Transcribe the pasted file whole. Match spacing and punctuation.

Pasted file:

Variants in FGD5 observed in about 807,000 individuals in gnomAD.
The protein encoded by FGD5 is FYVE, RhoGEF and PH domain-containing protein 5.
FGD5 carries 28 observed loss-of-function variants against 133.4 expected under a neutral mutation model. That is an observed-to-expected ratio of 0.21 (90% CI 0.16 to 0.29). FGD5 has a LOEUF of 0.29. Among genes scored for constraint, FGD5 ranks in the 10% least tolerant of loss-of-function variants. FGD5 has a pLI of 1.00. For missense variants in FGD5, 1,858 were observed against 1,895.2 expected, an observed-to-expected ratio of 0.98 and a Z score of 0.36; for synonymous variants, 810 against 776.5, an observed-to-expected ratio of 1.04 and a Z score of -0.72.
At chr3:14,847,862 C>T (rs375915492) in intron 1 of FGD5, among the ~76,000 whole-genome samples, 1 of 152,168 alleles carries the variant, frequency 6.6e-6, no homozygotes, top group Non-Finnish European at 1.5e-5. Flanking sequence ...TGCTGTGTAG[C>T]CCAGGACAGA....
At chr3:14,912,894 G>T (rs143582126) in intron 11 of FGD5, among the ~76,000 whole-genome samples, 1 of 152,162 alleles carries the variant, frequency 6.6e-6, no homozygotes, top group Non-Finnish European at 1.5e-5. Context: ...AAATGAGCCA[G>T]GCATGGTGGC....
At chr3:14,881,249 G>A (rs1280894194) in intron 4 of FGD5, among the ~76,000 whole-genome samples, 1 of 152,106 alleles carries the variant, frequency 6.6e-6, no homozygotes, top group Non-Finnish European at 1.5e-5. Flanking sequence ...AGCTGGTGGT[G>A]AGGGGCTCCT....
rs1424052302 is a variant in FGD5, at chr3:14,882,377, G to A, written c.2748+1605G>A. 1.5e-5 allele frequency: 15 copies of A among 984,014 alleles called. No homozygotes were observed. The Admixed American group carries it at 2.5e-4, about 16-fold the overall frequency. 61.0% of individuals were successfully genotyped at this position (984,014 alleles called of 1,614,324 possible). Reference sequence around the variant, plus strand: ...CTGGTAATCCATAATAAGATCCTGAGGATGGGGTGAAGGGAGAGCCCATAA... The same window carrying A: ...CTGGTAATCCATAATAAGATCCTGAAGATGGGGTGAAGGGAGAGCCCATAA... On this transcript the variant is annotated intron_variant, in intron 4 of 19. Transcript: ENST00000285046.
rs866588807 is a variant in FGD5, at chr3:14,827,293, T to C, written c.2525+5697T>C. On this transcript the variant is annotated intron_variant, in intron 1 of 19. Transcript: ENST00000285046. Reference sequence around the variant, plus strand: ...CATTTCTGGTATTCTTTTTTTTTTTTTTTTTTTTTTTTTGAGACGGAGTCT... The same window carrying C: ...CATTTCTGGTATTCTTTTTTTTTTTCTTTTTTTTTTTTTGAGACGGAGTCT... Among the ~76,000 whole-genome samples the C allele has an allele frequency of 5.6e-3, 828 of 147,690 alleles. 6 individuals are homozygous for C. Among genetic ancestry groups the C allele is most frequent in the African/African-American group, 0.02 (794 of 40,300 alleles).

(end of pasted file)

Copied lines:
Variants in FGD5 observed in about 807,000 individuals in gnomAD.
The protein encoded by FGD5 is FYVE, RhoGEF and PH domain-containing protein 5.
FGD5 carries 28 observed loss-of-function variants against 133.4 expected under a neutral mutation model. That is an observed-to-expected ratio of 0.21 (90% CI 0.16 to 0.29). FGD5 has a LOEUF of 0.29. Among genes scored for constraint, FGD5 ranks in the 10% least tolerant of loss-of-function variants. FGD5 has a pLI of 1.00. For missense variants in FGD5, 1,858 were observed against 1,895.2 expected, an observed-to-expected ratio of 0.98 and a Z score of 0.36; for synonymous variants, 810 against 776.5, an observed-to-expected ratio of 1.04 and a Z score of -0.72.
At chr3:14,847,862 C>T (rs375915492) in intron 1 of FGD5, among the ~76,000 whole-genome samples, 1 of 152,168 alleles carries the variant, frequency 6.6e-6, no homozygotes, top group Non-Finnish European at 1.5e-5. Flanking sequence ...TGCTGTGTAG[C>T]CCAGGACAGA....
At chr3:14,912,894 G>T (rs143582126) in intron 11 of FGD5, among the ~76,000 whole-genome samples, 1 of 152,162 alleles carries the variant, frequency 6.6e-6, no homozygotes, top group Non-Finnish European at 1.5e-5. Context: ...AAATGAGCCA[G>T]GCATGGTGGC....
At chr3:14,881,249 G>A (rs1280894194) in intron 4 of FGD5, among the ~76,000 whole-genome samples, 1 of 152,106 alleles carries the variant, frequency 6.6e-6, no homozygotes, top group Non-Finnish European at 1.5e-5. Flanking sequence ...AGCTGGTGGT[G>A]AGGGGCTCCT....
rs1424052302 is a variant in FGD5, at chr3:14,882,377, G to A, written c.2748+1605G>A. 1.5e-5 allele frequency: 15 copies of A among 984,014 alleles called. No homozygotes were observed. The Admixed American group carries it at 2.5e-4, about 16-fold the overall frequency. 61.0% of individuals were successfully genotyped at this position (984,014 alleles called of 1,614,324 possible). Reference sequence around the variant, plus strand: ...CTGGTAATCCATAATAAGATCCTGAGGATGGGGTGAAGGGAGAGCCCATAA... The same window carrying A: ...CTGGTAATCCATAATAAGATCCTGAAGATGGGGTGAAGGGAGAGCCCATAA... On this transcript the variant is annotated intron_variant, in intron 4 of 19. Transcript: ENST00000285046.
rs866588807 is a variant in FGD5, at chr3:14,827,293, T to C, written c.2525+5697T>C. On this transcript the variant is annotated intron_variant, in intron 1 of 19. Transcript: ENST00000285046. Reference sequence around the variant, plus strand: ...CATTTCTGGTATTCTTTTTTTTTTTTTTTTTTTTTTTTTGAGACGGAGTCT... The same window carrying C: ...CATTTCTGGTATTCTTTTTTTTTTTCTTTTTTTTTTTTTGAGACGGAGTCT... Among the ~76,000 whole-genome samples the C allele has an allele frequency of 5.6e-3, 828 of 147,690 alleles. 6 individuals are homozygous for C. Among genetic ancestry groups the C allele is most frequent in the African/African-American group, 0.02 (794 of 40,300 alleles).